After visiting for several weeks, we had interested enough folks, we thought, to jusify our finding a place of worship. There was an apartment on the corner of Southwest 20th Avenue and 12th Street that had stores on the ground floor. We thought that was the place to begin, and tried to secure one of the stores. The owner of the building said that if we could gain the consent of those in the apartment building, we could use the store for a short time. After four days, we had the people’s consent, but then the owner of the building decided against it. This was discouraging, for we had tried several places and met with similar rebuffs.
On Tamiami Trail and 20th Avenue there was a wooden building, now very much dilapidated, but then being used as a dance hall. It did not look to be the right thing to start a church in a Dance Hall. I found the building open, and walked in to take a look, and found it ideal as a Tabernacle. I felt God had led me to this place. There was a little orchestra stand in the center of the building, and I knelt down behind the stand and claimed the building for God, and as I knelt and prayed, I felt God had answered my prayers. I did every thing I could to secure this building, but failed. Yet I felt in my heart that it would finally be ours.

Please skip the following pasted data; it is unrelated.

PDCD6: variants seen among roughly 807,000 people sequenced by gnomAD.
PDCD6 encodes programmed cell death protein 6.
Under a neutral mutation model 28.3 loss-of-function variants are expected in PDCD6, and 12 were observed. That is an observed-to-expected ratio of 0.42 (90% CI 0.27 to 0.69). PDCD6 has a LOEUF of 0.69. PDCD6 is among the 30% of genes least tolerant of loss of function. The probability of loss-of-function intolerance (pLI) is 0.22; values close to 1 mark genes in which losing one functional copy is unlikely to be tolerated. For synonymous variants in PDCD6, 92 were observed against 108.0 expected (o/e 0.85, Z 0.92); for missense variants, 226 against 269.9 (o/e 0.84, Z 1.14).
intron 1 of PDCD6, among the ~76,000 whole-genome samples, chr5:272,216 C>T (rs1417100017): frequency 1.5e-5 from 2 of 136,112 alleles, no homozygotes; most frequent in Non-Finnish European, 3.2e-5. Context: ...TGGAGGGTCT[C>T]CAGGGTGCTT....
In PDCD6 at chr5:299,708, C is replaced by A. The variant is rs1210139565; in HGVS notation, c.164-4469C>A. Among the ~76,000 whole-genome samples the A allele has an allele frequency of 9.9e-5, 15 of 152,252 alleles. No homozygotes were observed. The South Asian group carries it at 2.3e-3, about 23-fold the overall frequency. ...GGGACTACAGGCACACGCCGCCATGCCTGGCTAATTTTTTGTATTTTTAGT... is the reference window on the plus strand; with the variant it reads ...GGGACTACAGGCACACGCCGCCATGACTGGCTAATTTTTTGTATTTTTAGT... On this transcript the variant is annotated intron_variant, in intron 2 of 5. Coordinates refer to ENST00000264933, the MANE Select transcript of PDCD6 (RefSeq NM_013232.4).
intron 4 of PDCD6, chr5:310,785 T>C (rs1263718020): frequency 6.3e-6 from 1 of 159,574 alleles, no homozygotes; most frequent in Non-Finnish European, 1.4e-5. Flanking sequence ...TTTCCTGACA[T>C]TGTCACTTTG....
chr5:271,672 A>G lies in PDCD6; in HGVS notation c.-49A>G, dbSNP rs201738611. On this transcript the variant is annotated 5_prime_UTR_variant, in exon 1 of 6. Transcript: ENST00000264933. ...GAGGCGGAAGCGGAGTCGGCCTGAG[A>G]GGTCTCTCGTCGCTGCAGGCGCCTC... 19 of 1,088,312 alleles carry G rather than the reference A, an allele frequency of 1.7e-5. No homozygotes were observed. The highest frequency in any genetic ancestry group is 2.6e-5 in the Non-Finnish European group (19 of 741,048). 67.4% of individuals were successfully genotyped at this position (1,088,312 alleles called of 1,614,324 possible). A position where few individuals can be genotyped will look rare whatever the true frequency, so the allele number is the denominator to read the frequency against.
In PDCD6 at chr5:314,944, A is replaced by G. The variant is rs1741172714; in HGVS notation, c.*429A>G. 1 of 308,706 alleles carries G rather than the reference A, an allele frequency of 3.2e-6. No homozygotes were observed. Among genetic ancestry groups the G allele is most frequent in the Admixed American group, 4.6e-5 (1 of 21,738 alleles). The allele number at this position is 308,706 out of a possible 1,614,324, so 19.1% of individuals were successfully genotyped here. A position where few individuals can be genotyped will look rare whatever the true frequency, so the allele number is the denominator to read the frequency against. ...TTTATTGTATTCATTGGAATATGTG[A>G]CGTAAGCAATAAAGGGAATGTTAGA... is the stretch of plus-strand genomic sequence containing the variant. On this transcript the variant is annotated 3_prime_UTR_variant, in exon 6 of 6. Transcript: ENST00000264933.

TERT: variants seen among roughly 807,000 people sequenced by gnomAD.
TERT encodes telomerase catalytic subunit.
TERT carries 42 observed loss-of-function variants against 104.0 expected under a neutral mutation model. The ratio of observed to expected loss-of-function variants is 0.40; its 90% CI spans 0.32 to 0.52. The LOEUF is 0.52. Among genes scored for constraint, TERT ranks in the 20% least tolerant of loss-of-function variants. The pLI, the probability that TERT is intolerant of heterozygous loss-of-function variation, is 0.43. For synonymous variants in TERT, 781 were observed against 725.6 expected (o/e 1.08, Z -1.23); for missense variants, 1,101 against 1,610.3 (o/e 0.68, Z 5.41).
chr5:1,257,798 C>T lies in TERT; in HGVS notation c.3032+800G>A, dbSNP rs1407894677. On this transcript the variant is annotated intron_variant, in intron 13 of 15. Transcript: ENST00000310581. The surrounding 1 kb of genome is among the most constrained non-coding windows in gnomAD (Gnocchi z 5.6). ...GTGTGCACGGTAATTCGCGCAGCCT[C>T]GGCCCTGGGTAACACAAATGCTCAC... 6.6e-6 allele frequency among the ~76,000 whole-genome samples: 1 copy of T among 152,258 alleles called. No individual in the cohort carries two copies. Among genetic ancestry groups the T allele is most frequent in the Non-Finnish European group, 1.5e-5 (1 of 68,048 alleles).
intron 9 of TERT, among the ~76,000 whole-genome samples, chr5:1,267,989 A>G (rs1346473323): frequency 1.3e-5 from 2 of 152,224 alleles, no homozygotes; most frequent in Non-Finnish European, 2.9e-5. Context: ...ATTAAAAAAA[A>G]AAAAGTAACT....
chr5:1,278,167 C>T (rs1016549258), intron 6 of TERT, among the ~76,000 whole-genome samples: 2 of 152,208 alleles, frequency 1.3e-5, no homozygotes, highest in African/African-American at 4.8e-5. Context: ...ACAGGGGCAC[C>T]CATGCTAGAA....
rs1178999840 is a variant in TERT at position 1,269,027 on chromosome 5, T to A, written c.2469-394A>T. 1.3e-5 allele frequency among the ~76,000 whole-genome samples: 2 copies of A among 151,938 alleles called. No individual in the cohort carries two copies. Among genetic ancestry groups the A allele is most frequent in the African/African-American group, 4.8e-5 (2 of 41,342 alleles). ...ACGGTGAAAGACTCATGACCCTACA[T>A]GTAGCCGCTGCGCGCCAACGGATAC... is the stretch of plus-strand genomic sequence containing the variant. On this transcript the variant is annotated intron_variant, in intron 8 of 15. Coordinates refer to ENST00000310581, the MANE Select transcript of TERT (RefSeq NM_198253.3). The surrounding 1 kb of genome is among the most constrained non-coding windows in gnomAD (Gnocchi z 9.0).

I kept looking around the area and found an open air theater, now known as the Trail Auto Parts Company, that had closed its doors as a moving picture concern. I felt it was an unwise move to begin, but feeling it was imperative, I was ready to accept anything. I secured this building for ten dollars per Sunday, and did not have the ten dollars to pay it.
That week, having printed ten thousand invitation cards, my two boys, Dan and Ned, and my little girl Ella Lillian, went with me and assisted me in placing under the doors of 1000 homes these cards. This interested them in the venture, and I found in family prayers they were constantly remembering this effort before God. Having given out one thousand cards, they thought everyone would respond and expected to see a large gathering on that first Sunday, March 13, 1927 at the Kew Garden Theater.